The PICCOLO team will measure the key variables that control the biological and chemical processes in this region including iron, nutrients, phytoplankton and zooplankton. Crucially the team will study the controlling rate terms between different parts of this biological and chemical system. The PICCOLO team will make use of the latest technologies, including autonomous submarines, gliders and floats, to observe these processes in otherwise inaccessible and previously unstudied areas such as under the sea ice. Most ambitiously we will anchor a submarine to the seabed within a polynya and leave it over a winter season to collect data, recovering it the following spring. The PICCOLO team will put instruments on seals which will continuously take data as they dive up and down through the water, sending it back to scientists in real-time via satellite communication links.

This wealth of novel data will be analysed by the PICCOLO team, using state of the art computer models, to test our ideas about how the whole complex set of physical, chemical and biological processes affects carbon. Conceptually we will follow an imaginary parcel of water through the system looking at processes between the atmosphere and ocean, biological processes in the surface layer, exchanges between the upper and lower ocean and the final fate of the carbon.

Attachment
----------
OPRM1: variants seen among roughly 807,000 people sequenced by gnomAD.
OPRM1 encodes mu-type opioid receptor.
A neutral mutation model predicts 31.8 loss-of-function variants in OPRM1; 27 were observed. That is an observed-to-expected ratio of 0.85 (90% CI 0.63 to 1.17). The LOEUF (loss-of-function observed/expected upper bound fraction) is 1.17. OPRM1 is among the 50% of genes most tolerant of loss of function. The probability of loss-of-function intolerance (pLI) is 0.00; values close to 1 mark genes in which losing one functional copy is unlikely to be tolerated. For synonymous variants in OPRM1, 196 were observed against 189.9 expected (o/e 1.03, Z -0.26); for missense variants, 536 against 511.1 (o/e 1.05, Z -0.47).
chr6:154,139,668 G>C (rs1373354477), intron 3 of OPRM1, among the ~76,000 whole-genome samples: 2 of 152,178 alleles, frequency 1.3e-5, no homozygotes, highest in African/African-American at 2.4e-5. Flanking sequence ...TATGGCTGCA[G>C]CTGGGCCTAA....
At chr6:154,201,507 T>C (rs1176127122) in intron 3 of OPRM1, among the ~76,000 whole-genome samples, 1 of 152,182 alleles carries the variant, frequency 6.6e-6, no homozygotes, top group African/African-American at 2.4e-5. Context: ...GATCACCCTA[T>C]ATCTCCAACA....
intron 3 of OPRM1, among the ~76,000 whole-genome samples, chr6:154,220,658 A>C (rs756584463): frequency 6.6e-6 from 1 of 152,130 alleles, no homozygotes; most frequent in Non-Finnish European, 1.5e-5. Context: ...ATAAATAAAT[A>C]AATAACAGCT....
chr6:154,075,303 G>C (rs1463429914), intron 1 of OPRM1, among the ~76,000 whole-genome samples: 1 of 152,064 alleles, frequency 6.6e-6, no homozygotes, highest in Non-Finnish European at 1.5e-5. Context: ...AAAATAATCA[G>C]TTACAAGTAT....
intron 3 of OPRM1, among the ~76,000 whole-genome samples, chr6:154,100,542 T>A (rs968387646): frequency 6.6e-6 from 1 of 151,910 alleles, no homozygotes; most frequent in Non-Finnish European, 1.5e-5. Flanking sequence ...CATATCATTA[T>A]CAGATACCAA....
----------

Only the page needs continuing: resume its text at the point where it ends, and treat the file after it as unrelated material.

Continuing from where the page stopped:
The PICCOLO hypotheses address the following:

(i) Factors controlling the exchange of carbon dioxide between the ocean and atmosphere and the role of ultra-violet light in controlling the concentration of carbon dioxide in seawater;
(ii) The role of light, iron and nutrients in how carbon is processed by the plankton in the water;
(iii) The mediating processes governing the export of carbon from the upper ocean to depth;
(iv) The processes that take the carbon into the deep ocean on the next stage of its global journey.

Planned Impact